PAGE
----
WITH THE DISPATCH of thousands of troops to Bosnia from this week onward, the North Atlantic Treaty Organization is transformed. Originally created in 1949 as a defensive alliance to combat a Soviet menace symbolized by the Berlin Airlift, NATO has been turned by unforeseen circumstance into a peace-enforcement unit that will take on functions that are clearly beyond the capabilities of the United Nations.
In trying to rally the American people to accept this changed role in Europe, President Clinton has used rhetoric that has a whiff of Cold War nostalgia. He talks of the "American partnership with Europe" with the fervor of a Harry Truman or Dwight Eisenhower. These earlier presidents could commit the United States to a collective security arrangement in Europe because of boiling anti-communist sentiment at home and a palpable threat abroad.
Mr. Clinton has a harder task, since a civil war in the Balkans is clearly not the Red Army at the Iron Curtain. Anguished debate in the Senate and House last week provided Mr. Clinton with only a negative -- a legislative decision not to deny him funds for the 20,000 troops he is sending to Bosnia. Although there were references to the importance of Europe in a Pax Americana, the basic rationale for intervention rested on the president's personal decision to make this a test of American credibility.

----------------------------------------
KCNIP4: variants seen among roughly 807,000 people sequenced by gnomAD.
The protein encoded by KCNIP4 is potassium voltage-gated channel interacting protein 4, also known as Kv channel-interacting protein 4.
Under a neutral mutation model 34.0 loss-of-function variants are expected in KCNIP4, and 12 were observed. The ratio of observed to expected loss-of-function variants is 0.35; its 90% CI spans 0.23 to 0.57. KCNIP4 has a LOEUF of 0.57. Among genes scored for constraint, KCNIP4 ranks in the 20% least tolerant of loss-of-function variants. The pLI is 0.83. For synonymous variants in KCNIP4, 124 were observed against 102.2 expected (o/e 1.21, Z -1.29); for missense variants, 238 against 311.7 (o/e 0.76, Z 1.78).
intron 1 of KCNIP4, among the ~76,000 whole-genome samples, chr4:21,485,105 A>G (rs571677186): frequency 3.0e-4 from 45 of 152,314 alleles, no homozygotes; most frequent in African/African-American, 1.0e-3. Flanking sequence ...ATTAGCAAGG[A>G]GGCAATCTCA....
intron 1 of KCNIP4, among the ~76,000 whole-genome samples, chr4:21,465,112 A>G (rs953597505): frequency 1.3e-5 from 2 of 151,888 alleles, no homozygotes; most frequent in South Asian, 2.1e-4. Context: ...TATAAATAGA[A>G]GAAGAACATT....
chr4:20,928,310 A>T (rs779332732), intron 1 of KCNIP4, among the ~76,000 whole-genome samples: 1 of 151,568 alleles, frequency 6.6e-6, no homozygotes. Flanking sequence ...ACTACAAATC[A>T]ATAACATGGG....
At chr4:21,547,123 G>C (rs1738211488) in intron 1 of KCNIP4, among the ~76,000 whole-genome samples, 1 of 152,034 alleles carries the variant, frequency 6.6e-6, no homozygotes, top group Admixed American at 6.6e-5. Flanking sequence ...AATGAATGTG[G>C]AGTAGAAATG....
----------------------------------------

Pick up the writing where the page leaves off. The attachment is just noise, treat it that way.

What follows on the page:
The United States is providing the largest contingent in an international force that now numbers 29 nations: NATO's 16 plus former Soviet bloc countries, traditional neutrals and even Russia itself on a limited basis. Without such a U.S. commitment, the Bosnian peace agreement would never have materialized. In foreign policy think-tank circles, the concept is growing that the Bosnia operation, difficult as it is, may provide NATO with the mission it has been seeking since the end of the Cold War.
What is this mission? Is NATO to be the enforcement arm of the United Nations? Is its sway eventually to extend beyond Europe? Will it be a vehicle for U.S.-Russian cooperation rather than enmity? Are Germany and France at last ready to take on more of the burden for the security of their continent?
Much depends on what happens in Bosnia. If the operation goes sour, the U.S. role in Europe could abruptly diminish. But even if it succeeds, American strategists should avoid over-ambition. That's not because isolationism is supposedly on the rise. It's because the Euro-centrism of American foreign policy has to give way eventually to a more global appreciation of U.S. self-interest and responsibilities.